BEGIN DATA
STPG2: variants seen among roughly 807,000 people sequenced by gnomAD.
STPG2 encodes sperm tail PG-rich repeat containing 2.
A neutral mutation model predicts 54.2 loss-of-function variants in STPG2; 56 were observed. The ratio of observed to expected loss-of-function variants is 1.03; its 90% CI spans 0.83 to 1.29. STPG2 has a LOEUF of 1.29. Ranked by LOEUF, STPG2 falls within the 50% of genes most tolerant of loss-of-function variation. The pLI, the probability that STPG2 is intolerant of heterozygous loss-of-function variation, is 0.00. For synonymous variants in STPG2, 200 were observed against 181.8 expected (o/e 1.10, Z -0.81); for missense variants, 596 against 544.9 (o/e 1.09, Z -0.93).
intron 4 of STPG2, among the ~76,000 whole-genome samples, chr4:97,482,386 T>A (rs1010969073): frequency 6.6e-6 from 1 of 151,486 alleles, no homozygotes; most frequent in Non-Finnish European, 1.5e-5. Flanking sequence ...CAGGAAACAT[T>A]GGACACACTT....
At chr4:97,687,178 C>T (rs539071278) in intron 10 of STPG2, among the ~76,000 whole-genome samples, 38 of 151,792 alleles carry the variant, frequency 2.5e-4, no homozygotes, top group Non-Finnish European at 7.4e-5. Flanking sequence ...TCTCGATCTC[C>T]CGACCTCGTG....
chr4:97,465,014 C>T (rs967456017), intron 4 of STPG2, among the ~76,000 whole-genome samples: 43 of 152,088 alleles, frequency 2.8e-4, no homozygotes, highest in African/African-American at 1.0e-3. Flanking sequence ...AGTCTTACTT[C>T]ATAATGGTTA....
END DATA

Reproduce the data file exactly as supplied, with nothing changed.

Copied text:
STPG2: variants seen among roughly 807,000 people sequenced by gnomAD.
STPG2 encodes sperm tail PG-rich repeat containing 2.
A neutral mutation model predicts 54.2 loss-of-function variants in STPG2; 56 were observed. The ratio of observed to expected loss-of-function variants is 1.03; its 90% CI spans 0.83 to 1.29. STPG2 has a LOEUF of 1.29. Ranked by LOEUF, STPG2 falls within the 50% of genes most tolerant of loss-of-function variation. The pLI, the probability that STPG2 is intolerant of heterozygous loss-of-function variation, is 0.00. For synonymous variants in STPG2, 200 were observed against 181.8 expected (o/e 1.10, Z -0.81); for missense variants, 596 against 544.9 (o/e 1.09, Z -0.93).
intron 4 of STPG2, among the ~76,000 whole-genome samples, chr4:97,482,386 T>A (rs1010969073): frequency 6.6e-6 from 1 of 151,486 alleles, no homozygotes; most frequent in Non-Finnish European, 1.5e-5. Flanking sequence ...CAGGAAACAT[T>A]GGACACACTT....
At chr4:97,687,178 C>T (rs539071278) in intron 10 of STPG2, among the ~76,000 whole-genome samples, 38 of 151,792 alleles carry the variant, frequency 2.5e-4, no homozygotes, top group Non-Finnish European at 7.4e-5. Flanking sequence ...TCTCGATCTC[C>T]CGACCTCGTG....
chr4:97,465,014 C>T (rs967456017), intron 4 of STPG2, among the ~76,000 whole-genome samples: 43 of 152,088 alleles, frequency 2.8e-4, no homozygotes, highest in African/African-American at 1.0e-3. Flanking sequence ...AGTCTTACTT[C>T]ATAATGGTTA....